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Chandler is correct the clock spring does go bad a lot. Just remember the system can be very dangerous so read all you can about it. I have a confession to make. Every time i work on an air bag i am always scared out of my mind. Please be careful and always disco the battery and let the system discharge. They can blow your mind LITTERLY:headscratch: :headscratch: :scratchchin :scratchchin
 

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It looks like both fuse 12 and fuse 18 control the air bag system (at least in my 91) so I would verify that those are not blown first.

If those check out, I'd definitely be leaning towards the clockspring being the issue. The most important thing when dealing with air bags is ensuring the system is completly powered down. As a rule of thumb I like to let the system sit for at least 15 minutes after disconnecting the negative battery cable. This ensures that the capacitor(s) in the backup power supply have fully discharged, minimizing the risk of an "unintended deployment". Also, always make sure the air bag is stored face up when removed from the vehicle or carrying it.

A couple of other tips, is to make sure that the steering wheel is centered and locked when removing the clockspring assembly. Other then that, it's a pretty straight forward procedure. Remove four nuts on the back side of the steering wheel to remove the airbag, remove the nut retaining the steering wheel (According to Alldata, it appears this is a torque to yield fastener so it should be replaced with a new one), remove the steering wheel with a steering wheel puller, disconnect the connections to the clockspring and remove the clockspring. Then just put everything back together in reverse order.

Hope this helps!

Pat
 

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Discussion Starter #16
Thank-you very much Pat,

I just went down to my local ford dealership to see if they could order me in a new clock spring and it turns out that they stopped making them completely?!?!?! WTF! lol... So the women at the dealership parts department told me to look into getting something from the US. Where should I start looking?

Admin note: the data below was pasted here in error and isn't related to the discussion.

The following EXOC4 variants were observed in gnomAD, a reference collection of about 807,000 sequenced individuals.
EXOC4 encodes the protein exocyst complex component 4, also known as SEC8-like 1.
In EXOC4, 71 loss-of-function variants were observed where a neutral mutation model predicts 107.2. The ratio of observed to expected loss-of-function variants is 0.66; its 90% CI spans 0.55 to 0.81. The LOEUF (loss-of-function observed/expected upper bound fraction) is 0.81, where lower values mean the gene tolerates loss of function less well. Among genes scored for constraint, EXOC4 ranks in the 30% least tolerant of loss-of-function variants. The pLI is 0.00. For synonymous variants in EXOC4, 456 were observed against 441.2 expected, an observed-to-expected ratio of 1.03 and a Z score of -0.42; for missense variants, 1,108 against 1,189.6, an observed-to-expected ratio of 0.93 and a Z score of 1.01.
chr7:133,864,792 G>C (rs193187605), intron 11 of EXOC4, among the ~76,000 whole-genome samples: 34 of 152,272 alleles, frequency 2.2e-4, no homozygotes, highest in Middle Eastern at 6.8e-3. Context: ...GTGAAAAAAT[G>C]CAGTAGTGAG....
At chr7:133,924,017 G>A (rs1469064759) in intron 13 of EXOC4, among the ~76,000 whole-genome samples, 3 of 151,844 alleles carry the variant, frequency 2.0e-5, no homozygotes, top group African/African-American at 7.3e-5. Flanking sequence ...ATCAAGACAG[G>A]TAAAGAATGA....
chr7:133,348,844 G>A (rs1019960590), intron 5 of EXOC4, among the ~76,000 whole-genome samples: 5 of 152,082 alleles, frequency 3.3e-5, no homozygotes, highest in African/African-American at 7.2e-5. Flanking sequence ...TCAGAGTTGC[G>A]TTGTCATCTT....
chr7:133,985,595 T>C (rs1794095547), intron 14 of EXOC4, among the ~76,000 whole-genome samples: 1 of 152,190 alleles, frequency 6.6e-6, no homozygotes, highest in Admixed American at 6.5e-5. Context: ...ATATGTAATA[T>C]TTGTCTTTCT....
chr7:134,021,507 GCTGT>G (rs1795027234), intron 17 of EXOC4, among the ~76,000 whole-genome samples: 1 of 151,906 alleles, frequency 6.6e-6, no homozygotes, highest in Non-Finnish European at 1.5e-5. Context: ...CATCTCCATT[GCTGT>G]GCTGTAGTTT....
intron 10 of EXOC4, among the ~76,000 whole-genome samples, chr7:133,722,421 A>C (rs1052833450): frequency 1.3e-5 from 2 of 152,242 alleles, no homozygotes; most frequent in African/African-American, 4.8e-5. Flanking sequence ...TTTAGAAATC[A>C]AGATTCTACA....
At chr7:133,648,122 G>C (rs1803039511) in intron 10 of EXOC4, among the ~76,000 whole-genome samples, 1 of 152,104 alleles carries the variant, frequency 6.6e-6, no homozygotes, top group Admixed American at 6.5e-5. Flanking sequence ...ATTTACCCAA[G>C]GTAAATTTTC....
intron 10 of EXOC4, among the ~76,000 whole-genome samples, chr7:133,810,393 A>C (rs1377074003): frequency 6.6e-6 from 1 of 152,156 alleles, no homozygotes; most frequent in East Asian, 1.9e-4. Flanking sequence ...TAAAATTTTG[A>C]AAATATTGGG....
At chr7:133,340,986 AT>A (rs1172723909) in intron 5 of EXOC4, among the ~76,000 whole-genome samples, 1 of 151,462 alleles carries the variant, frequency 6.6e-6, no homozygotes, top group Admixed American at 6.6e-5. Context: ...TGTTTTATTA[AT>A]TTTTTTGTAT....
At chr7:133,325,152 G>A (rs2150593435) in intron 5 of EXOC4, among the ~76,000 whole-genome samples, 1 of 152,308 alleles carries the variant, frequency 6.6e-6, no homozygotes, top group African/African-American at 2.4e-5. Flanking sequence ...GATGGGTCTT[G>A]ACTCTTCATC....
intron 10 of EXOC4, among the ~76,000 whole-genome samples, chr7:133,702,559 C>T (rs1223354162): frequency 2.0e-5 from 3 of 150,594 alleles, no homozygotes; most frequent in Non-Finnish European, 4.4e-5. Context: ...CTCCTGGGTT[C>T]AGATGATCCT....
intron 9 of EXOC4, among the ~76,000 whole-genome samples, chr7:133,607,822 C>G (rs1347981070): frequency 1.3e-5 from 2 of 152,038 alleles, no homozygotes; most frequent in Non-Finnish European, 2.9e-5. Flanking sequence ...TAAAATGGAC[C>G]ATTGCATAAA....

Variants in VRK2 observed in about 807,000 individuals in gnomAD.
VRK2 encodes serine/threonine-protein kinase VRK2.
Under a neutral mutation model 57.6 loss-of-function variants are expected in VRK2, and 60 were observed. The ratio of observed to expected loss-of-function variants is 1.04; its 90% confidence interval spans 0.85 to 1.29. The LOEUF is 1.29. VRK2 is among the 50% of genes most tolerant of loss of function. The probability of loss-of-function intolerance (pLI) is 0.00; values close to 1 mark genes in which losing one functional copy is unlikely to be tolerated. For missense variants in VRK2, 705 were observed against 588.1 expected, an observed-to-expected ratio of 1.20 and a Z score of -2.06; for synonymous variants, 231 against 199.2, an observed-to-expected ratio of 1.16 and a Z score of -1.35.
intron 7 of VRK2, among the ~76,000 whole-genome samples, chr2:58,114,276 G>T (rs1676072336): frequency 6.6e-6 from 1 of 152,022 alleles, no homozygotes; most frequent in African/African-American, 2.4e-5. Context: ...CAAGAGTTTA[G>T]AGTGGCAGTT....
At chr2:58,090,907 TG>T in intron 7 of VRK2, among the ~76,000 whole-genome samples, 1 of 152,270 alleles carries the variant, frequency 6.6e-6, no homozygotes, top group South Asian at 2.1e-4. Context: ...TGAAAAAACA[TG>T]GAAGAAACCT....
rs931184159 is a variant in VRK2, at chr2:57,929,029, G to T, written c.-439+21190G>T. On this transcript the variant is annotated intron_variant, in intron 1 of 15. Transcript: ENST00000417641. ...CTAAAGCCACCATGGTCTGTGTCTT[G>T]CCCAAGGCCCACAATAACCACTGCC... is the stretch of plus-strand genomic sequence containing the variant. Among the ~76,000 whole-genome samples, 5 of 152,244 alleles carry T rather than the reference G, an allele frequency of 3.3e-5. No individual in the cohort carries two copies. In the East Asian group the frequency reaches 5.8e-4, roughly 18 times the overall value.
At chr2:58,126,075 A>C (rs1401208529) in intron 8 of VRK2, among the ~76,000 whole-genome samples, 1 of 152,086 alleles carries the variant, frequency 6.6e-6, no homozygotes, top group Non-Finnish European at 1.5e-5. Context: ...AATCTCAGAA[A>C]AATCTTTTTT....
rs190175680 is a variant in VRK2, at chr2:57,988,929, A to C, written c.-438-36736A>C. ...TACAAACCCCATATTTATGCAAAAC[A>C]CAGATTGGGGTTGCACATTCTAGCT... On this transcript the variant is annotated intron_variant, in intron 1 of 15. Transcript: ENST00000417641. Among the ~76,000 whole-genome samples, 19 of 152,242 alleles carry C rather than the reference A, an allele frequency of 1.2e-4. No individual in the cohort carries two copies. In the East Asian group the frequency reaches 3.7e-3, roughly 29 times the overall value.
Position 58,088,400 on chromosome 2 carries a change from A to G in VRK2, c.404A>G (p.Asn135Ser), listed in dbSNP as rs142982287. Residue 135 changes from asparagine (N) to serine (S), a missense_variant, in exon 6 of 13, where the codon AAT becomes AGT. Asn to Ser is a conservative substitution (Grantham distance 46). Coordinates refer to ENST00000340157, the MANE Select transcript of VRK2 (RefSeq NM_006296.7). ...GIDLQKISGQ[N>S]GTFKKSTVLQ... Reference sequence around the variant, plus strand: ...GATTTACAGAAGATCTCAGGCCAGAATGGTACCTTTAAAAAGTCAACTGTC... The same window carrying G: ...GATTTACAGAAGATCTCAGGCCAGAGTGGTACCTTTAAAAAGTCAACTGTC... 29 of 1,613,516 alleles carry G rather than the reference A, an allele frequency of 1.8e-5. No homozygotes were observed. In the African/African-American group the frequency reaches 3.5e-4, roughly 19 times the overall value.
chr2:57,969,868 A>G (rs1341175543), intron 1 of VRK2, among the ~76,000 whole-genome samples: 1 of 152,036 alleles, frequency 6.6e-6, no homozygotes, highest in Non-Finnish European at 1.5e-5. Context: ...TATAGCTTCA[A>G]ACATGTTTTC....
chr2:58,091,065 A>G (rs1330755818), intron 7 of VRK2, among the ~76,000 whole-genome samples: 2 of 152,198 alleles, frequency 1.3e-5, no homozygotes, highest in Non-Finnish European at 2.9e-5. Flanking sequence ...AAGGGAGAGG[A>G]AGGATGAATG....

Also, I may add that I have a parts car that might just have a useable clock spring... even though it is not new, I could use it... right?

Thanks, Steve

PS: I will check those fuses just to make sure:bigthumbsup
 

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I had little luck finding a lock spring online for the fox bodies. I don't see any reason why you couldn't use one from a doner vehicle or even one from a junk yard. Again just make sure the wheels are straight and the steering wheel is centered and don't let the move in either direction during transport. If it shifts, then you have to center it, and I don't have any info on the centering procedure for the Mustang.

Good luck and keep us updated!

Pat
 

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Discussion Starter #18
Thanks Pat, I will try to use the one out of the parts car.

I do have one question: Would the clock spring be causing the steering wheel to not turn back to center after I turn the wheel? Because when I turn the wheel, no matter how fast i am going or how much the wheel is turned, it stays turned and does not move without me moving it.

So hopefully that will help as well as a front end alignment once I get the front end suspension parts done.

Steve:bigthumbsup
 

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Steve,

I don't think the clockspring is the cause of your poor return to center issue. Steering that has poor centering is typically caused by the caster being off. Caster is the angle of the strut/control arm to the centerline of the front axle. If the angle is towards the rear of the vehicle then it has negative caster, towards the front is positive. Most road vehicles have some built in negative caster as that is what causes the steering wheel to return to center.

As I recall from your other thread, the balljoints are nominal on you Mustang and this could lead to an issue with caster, in addtion the strut mounts could also be leasing to the caster issue.

One other thought on where to obtain a new clock spring, talk to some of the collision repair shops in your area, they may have a lead on a supplier for a new clock spring, since they deal in repairs that typically set off the air bag.

Pat​
 

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Discussion Starter #20
Thanks, that's good to know since I will be fixing that with the suspension "upgrades".

Also, I have been playing with my cruise control, and I know that it doesn't work... So first of all, is there a light that comes on in the dash to let you know that cruise control is on and second, would the clock spring also fix the cruise control and get it working as well?

Thanks:bigthumbsup:bigthumbsup:bigthumbsup,

Steve